ST. LOUIS -- With 41 days left before the Cardinals' first official workout of Spring Training, let's take a dive into another batch of your questions about the year ahead.
I am still concerned about starting pitching. Is Adam Wainwright on the tail end of his career? Does Lance Lynn make a full recovery? Will Alex Reyes progress? Will Michael Wacha show enough consistency? Is there any chance the Cards make a move in this area?
-- Jack T., Baton Rouge, La.
Lots of good questions there, Jack, many of which we won't know the answer to for some time. I'll start with the last one first: No, I don't anticipate a move coming to add another starting pitcher this winter. It's no secret that there's a dearth of quality starters on the free-agent market. Furthermore, the Cardinals say they are comfortable with their depth. That does not, however, mean that those internal options don't come with uncertainty.
Wainwright is coming off the most trying season of his career, and it's fair to question how high his ceiling is as he enters his age-35 season. Lynn will be working to regain durability and command after missing 2016 recovering from Tommy John surgery. Reyes will face the challenge of teams becoming more familiar with him. And Wacha has to prove that his shoulder is capable of carrying a starter's workload. These are all valid concerns.
I've been frustrated by the Cardinals' decision to not re-sign Brandon Moss. They need a backup first baseman, and he can fill in as an outfielder. And most of all, he is a giant bat off the bench. I say sign Moss and trade Matt Adams for some up-and-coming Minor League talent. What say you?
-- Scott J., Belle, Mo.
There are several layers here, but we'll start with the fact that the Cardinals do currently have a backup first baseman in Adams. I wondered, too, if the Cardinals might explore trading him this winter, and maybe they still will. But you also have to be realistic in what sort of return he'd bring. Adams has yet to prove he's an everyday player who can hit left-handed pitching, and he's coming off a season in which he slashed .249/.309/.471 in 118 games. Other teams aren't going to give up top talent for that.
Moss is a fascinating study within a complex free-agent market. He's clearly been hurt by the glut of slugging first basemen available and even more so by his disastrous finish. Dreams of a lucrative multi-year deal fizzled when he ended the year in a 10-for-106 skid. If interest in Moss is so scarce that he'd take a modest one-year contract laced with incentives, perhaps that would interest St. Louis. He'd offer power off the bench, but it's also questionable how he'd fit the team's new athletic look.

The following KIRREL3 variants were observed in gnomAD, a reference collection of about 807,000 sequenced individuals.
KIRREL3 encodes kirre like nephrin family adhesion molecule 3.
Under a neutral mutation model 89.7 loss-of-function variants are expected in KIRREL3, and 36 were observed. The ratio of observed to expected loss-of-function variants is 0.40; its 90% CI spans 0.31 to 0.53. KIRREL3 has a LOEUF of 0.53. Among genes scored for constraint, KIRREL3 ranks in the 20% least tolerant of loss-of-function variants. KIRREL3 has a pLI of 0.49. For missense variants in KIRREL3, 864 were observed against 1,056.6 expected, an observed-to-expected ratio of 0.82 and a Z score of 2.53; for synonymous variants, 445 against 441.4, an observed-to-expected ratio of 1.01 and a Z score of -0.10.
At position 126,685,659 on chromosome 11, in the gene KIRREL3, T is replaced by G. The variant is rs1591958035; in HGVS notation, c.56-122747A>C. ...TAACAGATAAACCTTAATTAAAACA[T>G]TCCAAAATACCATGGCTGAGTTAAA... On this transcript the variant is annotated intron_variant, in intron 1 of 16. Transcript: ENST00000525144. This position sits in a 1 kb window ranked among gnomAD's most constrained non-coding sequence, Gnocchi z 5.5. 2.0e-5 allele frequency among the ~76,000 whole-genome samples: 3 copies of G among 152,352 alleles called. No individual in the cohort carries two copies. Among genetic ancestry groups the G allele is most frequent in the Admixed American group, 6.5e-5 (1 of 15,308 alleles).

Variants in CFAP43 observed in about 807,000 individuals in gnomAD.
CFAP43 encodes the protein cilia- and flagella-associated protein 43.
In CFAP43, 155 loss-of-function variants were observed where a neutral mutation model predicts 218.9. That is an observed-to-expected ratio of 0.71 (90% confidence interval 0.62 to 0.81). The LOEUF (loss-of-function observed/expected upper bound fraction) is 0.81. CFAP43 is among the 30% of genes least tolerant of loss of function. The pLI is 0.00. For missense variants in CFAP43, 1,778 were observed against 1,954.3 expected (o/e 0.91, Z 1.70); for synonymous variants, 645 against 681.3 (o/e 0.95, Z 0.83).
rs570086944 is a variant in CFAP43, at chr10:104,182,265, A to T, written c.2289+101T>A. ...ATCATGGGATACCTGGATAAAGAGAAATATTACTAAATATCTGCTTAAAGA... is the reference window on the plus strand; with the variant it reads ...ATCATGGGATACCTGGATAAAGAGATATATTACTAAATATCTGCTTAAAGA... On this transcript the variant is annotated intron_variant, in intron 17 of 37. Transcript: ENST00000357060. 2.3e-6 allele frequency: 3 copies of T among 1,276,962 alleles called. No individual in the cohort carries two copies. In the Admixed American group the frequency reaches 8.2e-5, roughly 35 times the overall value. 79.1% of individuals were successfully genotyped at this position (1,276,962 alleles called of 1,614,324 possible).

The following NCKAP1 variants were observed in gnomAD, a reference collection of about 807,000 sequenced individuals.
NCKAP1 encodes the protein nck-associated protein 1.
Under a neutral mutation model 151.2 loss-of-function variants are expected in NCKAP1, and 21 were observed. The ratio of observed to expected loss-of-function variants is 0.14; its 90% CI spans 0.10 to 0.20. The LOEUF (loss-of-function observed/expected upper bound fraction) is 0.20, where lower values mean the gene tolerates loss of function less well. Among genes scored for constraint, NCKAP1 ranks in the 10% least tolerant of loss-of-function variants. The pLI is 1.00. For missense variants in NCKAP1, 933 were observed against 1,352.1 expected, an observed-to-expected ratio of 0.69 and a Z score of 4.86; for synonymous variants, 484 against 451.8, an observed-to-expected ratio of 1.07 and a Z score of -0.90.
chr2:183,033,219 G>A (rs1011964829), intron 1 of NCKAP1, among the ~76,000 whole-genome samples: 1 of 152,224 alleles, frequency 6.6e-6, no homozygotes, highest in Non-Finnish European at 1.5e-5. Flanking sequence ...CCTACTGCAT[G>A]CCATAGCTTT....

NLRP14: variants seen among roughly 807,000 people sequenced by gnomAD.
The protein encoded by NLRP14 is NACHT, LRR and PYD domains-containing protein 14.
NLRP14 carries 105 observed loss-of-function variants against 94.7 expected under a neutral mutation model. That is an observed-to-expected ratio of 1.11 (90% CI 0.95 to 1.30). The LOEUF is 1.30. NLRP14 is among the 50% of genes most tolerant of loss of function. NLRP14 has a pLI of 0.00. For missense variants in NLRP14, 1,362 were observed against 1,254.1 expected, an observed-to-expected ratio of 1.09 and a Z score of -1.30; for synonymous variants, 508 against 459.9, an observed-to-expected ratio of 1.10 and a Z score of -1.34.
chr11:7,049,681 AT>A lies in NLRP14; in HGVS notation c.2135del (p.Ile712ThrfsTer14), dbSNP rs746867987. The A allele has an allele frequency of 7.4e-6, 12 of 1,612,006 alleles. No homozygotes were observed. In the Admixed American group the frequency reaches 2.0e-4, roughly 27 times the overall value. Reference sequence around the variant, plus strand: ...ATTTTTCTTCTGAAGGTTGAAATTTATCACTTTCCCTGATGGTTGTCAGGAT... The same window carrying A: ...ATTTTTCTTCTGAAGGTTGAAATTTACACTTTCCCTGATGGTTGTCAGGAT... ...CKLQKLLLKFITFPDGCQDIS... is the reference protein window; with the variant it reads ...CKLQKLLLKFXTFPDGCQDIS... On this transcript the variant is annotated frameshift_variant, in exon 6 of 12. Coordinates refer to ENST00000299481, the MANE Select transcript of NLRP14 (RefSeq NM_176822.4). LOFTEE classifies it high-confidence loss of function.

Matheny remains coy about his lineup plans and likely won't finalize much until late in Spring Training. We'll get an idea of what the batting order could look like once Grapefruit League play begins, but until then, we're left with educated conjecture.
With the way Diaz performed out of the two-hole last season, I'd guess the Cardinals are content to leave him there. Slotting Carpenter in as the three-hole hitter would then seem a natural fit and allow for a right-left-right look from Diaz to Carpenter to Piscotty. Given Piscotty's run-production potential, I would expect he'll open the year hitting cleanup.
Behind him could be Randal Grichuk -- that is, of course, assuming that Grichuk can avoid the continual ups-and-downs that impeded his production last year. Yadier Molina and Jhonny Peralta/Jedd Gyorko, in some order, would follow, leaving Kolten Wong to bat eighth. That's my best guess at the moment, but this will be a storyline to watch throughout spring.
It seems many teams are flirting with using long-range middle relievers. The starters go four-to-five innings, middle relievers cover four-to-five innings, and then the closer comes in. Could this be a wave of the future? Is the large number of starters on the Cardinals' roster a sign that long relief is becoming the norm?
-- David I., Jackson, Mo.
It is interesting to note that starters across baseball threw fewer innings last season (27,412 2/3) than in any since 1997. However, I also think the way relievers were used in the postseason (particularly Cleveland's Andrew Miller) may have some fans expecting a greater shift in innings distribution than what is really coming. Teams have often found success in turning to their bullpen early in October -- the Cardinals' 2011 run comes to mind -- and that's largely because the number of off-days during postseason series offer built-in rest for relievers. To expect that formula to work over the course of a 162-game season is unrealistic.
That's not to say, though, that clubs aren't looking at different ways to cover nine innings. One of the reasons the Cardinals will stretch out Trevor Rosenthal this spring is to allow for additional flexibility in how he's used. I could envision either Rosenthal and/or Michael Wacha fitting into some sort of long-relief, middle reliever role that would allow for them to bridge games from the starter to set-up men.
Regardless, that won't keep the Cardinals from still trying to build a rotation with enough efficiency and effectiveness to get starts of six-plus innings with regularity.
Jenifer Langosch has covered the Cardinals for MLB.com since 2012, and previously covered the Pirates from 2007-11. Read her blog, follow her on Twitter, like her Facebook page and listen to her podcast. This story was not subject to the approval of Major League Baseball or its clubs.